The World According to Uncle Jim
What Not to Believe about Risk and Volatility
It can be fun to listen to your Uncle Jim talk about the stock market around a few cold ones and a Thanksgiving turkey. Uncle Jim sounds like he knows a thing or two about investing. He tosses around phrases like “this stock has got some serious alpha” and “that stock has been really risky lately”. After all, he’s so loud and so full of cold ones and Thanksgiving turkey, that you can’t help but think that he’s onto something.
How do I know? Well for starters he just confused risk with volatility. It is your first and best sign that Uncle Jim doesn’t know what the heck he’s talking about. But you still love him, and everyone agrees he’s the best guy to call at 3 AM when you’ve run out of gas or gotten dumped. As long as you quietly discount his investing prowess.
Risk and volatility are the two words I’ve found to be the most misunderstood in my career. In fact, many people, like Uncle Jim, think they mean the same thing. It’s absolutely false. So let’s break it down for all the Uncle Jims out there.
Let’s say your buddy wants to open a sports bar. He comes to you and asks you to invest $10,000. You ask yourself, “How risky do I think this is? If I give him $10,000, it could go on to become huge, and he could double my money, or he can come back to me in a year and say, ‘It didn’t work out, we’re going out of business, and all I can give you are some empty kegs.”
This scenario is a measurement of risk. The risk is typically higher for the “your buddy is opening a sports bar” story than say if you invested that $10,000 in a large established stock like Apple™. Apple™ could certainly go out of business and not return any of its dollars to investors, but that is much more unlikely than your buddy screwing up. Risk assessment requires that you envision the outcome, from both a positive and negative point of view.
So what is volatility? Volatility is when an investment fluctuates in value over time. So you might invest $10,000, and it goes up to $15,000, and then it drops to $8,000, and then it goes up to $12,000, and then the investment drops to $7,000. That’s volatility. Let’s look at Apple™ again. There are times when it is wildly volatile, where the stock moves and fluctuates in value a lot. It doesn’t necessarily mean that it is risky, that we are worried about it going out of business, it just means that it’s volatile. Like Uncle Jim when he watches the Steelers.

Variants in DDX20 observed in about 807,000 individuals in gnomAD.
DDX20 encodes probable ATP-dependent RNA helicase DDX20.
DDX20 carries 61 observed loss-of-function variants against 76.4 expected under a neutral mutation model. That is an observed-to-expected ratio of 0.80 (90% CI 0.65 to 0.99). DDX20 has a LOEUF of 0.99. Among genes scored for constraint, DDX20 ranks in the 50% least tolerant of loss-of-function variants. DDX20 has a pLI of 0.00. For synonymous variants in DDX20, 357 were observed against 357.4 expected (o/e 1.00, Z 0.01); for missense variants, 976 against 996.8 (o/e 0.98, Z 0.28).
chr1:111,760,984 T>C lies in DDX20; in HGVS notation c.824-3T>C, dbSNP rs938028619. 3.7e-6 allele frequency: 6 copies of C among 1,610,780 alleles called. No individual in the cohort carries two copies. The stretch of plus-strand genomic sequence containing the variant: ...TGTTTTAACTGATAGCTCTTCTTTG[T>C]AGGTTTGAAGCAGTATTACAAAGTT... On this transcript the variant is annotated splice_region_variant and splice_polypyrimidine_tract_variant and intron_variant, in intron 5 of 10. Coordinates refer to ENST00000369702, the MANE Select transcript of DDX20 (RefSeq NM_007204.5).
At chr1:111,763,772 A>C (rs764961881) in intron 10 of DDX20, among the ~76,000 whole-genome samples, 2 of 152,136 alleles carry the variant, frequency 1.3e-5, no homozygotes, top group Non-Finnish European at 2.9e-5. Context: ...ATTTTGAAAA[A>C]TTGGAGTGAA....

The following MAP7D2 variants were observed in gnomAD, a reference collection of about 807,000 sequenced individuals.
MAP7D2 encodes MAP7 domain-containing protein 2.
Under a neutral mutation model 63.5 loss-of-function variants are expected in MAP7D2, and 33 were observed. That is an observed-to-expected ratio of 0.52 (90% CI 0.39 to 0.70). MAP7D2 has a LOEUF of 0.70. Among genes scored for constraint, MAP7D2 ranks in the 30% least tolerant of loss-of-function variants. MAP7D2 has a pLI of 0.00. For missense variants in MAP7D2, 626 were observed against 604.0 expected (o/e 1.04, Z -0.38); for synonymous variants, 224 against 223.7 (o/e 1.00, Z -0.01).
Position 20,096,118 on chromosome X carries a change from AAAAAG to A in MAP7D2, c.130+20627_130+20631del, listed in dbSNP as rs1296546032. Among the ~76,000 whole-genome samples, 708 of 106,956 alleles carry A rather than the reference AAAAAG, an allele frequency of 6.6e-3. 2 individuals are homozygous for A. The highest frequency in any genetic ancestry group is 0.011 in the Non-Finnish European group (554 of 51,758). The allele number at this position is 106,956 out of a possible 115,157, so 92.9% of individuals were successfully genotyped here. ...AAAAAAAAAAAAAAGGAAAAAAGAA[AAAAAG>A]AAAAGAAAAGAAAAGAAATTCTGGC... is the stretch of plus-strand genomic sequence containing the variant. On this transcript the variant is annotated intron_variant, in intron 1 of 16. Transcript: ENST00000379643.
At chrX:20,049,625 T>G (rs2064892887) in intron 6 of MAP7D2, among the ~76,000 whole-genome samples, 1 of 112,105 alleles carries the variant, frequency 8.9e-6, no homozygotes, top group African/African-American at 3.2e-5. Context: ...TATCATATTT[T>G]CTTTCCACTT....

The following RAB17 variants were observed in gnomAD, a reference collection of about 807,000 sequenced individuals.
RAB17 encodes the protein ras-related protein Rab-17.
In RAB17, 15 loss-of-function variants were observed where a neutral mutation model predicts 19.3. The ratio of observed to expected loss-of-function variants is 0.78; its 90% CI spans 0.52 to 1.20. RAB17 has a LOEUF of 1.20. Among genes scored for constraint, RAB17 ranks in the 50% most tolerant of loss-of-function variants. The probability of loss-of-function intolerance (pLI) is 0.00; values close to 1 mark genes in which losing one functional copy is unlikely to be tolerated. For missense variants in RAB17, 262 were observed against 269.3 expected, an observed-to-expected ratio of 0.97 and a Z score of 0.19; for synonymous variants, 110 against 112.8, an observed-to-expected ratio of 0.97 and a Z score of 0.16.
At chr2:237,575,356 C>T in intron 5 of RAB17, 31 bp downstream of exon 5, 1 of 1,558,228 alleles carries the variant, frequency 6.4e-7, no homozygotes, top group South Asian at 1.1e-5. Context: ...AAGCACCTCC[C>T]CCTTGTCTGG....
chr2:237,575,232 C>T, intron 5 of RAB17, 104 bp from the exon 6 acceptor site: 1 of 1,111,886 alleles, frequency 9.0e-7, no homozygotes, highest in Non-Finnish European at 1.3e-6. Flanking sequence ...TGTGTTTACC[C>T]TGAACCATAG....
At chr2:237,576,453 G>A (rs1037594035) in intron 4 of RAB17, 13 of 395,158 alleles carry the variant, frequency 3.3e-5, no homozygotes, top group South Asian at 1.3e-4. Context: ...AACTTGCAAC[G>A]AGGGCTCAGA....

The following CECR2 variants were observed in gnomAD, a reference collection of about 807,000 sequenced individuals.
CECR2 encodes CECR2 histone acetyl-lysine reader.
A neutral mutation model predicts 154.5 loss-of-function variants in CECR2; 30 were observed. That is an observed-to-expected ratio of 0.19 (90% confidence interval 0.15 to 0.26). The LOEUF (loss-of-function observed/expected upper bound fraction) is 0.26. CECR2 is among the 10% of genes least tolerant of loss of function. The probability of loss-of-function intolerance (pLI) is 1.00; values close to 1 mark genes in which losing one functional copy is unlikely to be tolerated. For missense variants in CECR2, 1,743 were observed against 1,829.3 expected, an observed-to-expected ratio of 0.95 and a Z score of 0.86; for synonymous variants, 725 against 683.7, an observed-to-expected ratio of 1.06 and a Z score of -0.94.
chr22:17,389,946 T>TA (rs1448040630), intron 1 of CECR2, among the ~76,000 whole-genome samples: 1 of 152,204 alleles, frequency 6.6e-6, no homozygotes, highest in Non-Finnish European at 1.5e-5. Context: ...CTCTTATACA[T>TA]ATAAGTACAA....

Many times people see an investment that has high volatility, and immediately assume it’s risky and stay away from it. That’s the wrong mindset. You need to assess the two dynamics separately and here’s the key to making that judgment call: Always seek to avoid or reduce risk. Your appetite for volatility, however, is directly related to your desire for growth and return. If you can’t stomach, the highs and lows, put your money in a savings account, it won’t fluctuate at all. But at the same time, current interest rates on a savings account are about half a percent annually, so you’re not going to get a lot. If you want greater opportunity for growth, on the other hand, you have to accept the potential for volatility. .
So rest assured, the more you know, the less you’ll fear the vicissitudes of the stock market. It will also make your time with Uncle Jim a heck of a lot more enjoyable. Unless the Steelers lose!